Though I take pride in this moment, the passage of this bill in the House in no way means that we can afford to stop fighting. After all, to take effect the bill still would need to clear the Senate and be signed by the president. And, just like DACA, the Dream and Promise Act imposes arbitrary deadlines and guidelines that unfairly categorize a person’s worth based on their age or history, which inherently leaves some people out.

Our continued fight must call on people to step up how they show up, especially in the jurisdictions where the fight for justice seems the toughest. For far too long, members of our immigrant communities have maintained a lonely struggle in regions like the South, and now is the time for those who claim to support us to truly fight alongside us. It’s no longer enough to identify as an ally, but those with the most privilege must step out of their comfort zones to become coconspirators. If we ever hope to achieve authentic and lasting change, this will necessitate redirecting resources and giving up space so that directly impacted folks can access platforms from which they can speak up for themselves and lead the work.

Whether the Dream and Promise Act can continue down the path toward becoming law depends on Senate Majority Leader Mitch McConnell, a Republican from Kentucky, where I’m currently pursuing my undergraduate degree. We must stop cutting elected officials like McConnell slack by classifying fights in the South as lost causes, because that is the type of thinking and language that allows them to ignore the needs and interests of their constituents. True solidarity means looking to affected communities for leadership on the issues that affect them and using your resources as citizens with voting power, as DACA recipients with access to work authorization and education, and, hopefully, as potential beneficiaries of the Dream and Promise Act to uplift the voices of those who would otherwise be left out.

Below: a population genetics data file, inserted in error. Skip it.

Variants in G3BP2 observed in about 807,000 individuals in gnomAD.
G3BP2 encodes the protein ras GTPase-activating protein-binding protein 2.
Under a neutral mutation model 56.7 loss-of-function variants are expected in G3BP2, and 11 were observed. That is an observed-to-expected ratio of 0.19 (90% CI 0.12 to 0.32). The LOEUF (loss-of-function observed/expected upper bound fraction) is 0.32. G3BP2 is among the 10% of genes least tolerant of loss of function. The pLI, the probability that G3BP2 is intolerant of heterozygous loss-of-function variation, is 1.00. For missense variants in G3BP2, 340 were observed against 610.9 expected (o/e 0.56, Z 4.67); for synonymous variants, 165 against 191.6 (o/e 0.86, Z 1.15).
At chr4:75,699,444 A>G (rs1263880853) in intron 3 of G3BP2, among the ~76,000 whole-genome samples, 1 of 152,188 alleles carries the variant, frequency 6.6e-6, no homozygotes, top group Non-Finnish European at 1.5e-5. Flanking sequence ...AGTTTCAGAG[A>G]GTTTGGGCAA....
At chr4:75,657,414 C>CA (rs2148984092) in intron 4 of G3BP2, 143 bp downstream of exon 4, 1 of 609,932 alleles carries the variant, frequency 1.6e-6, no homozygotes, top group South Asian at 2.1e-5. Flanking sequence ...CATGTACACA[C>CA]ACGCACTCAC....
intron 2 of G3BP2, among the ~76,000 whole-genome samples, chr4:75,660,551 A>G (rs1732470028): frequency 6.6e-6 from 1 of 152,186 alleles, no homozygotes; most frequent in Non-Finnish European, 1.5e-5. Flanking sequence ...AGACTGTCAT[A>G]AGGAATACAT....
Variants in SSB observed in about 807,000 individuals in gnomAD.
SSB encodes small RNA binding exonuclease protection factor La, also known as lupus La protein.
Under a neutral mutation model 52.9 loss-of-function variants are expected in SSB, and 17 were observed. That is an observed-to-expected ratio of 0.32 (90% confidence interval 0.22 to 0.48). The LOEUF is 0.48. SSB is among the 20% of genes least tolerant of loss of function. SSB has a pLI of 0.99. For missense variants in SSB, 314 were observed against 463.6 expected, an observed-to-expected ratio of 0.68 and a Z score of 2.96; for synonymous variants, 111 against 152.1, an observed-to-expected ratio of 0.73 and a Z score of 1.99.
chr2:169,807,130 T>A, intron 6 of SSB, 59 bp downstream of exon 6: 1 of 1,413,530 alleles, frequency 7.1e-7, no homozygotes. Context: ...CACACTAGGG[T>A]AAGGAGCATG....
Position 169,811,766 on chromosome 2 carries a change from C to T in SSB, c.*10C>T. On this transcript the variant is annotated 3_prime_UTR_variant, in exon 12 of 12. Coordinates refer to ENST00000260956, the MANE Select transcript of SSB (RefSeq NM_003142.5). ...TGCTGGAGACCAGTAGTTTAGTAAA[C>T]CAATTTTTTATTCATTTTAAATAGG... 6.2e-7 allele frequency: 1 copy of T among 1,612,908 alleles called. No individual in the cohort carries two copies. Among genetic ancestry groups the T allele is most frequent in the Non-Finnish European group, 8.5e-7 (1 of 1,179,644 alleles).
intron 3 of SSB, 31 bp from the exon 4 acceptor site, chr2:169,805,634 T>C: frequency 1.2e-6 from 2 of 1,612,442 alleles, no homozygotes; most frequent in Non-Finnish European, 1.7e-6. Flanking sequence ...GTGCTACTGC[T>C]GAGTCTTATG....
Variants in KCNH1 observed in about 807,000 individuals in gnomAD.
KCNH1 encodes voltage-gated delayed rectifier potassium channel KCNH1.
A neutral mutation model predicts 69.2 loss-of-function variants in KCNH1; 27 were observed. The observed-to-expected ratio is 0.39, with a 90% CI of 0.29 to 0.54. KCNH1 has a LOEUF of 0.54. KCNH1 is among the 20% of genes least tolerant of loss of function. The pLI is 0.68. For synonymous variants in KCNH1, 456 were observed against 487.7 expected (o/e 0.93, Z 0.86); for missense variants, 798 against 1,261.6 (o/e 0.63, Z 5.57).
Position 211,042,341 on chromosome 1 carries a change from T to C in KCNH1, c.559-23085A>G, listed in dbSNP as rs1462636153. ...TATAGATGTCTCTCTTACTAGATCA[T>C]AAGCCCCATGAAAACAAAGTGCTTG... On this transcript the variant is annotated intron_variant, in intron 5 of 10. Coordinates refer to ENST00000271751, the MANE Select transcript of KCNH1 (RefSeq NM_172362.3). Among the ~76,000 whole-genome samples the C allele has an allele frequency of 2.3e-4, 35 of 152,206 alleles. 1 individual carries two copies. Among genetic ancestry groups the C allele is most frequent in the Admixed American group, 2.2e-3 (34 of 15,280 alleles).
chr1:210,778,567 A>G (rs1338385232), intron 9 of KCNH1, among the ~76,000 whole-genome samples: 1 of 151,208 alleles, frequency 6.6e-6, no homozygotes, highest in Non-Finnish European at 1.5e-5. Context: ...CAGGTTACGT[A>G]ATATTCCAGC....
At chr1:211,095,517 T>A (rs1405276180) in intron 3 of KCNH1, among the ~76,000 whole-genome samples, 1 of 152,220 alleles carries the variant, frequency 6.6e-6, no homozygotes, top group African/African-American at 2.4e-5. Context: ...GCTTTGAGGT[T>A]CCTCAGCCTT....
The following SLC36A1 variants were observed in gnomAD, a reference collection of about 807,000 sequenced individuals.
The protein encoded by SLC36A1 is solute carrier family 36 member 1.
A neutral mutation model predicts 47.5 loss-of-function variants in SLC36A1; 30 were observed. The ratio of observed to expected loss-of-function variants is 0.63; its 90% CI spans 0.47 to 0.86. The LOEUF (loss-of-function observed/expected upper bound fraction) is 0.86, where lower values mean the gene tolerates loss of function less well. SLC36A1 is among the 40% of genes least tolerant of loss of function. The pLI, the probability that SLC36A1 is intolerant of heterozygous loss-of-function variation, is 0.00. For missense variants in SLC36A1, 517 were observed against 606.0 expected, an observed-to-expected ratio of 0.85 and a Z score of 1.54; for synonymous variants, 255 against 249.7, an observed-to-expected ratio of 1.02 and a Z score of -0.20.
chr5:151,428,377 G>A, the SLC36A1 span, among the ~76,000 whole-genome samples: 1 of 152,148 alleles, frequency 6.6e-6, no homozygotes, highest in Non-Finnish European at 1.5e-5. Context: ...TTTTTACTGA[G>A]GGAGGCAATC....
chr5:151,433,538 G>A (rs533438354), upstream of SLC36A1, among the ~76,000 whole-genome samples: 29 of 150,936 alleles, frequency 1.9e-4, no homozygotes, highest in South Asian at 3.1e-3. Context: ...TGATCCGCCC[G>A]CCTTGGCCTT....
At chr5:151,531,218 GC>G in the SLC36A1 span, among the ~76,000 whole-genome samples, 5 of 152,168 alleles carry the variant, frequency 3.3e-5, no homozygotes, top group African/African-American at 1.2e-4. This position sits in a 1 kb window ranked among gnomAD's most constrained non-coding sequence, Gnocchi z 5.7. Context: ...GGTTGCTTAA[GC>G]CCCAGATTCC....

Berenice Gonzalez is a FirstGEN Fellow at the National Immigration Law Center. FirstGEN Fellows is a 10-week summer program for undergraduate students interested in social justice careers who are the first in their immediate families to attend an institution of higher education.


Trump Demands Border Wall in the Face of Evidence Documenting Harms to Migrants, Border Communities, and the Environment (The Torch)

Trump Demands Border Wall in the Face of Evidence Documenting Harms to Migrants, Border Communities, and the Environment

THE TORCH: CONTENTSBy Holly Straut-Eppsteiner
MAY 7, 2019

In February, President Trump declared a national emergency so that he could allocate $6.7 billion in taxpayer dollars, without congressional appropriation, to construct more wall along the U.S.-Mexico border. In February, a 16-state coalition led by California challenged Trump’s emergency declaration by seeking a preliminary injunction against it in a U.S. district court in California. Last week, NILC submitted a friend-of-the-court brief in this case, outlining the harms border walls inflict on migrants, border communities, and the environment.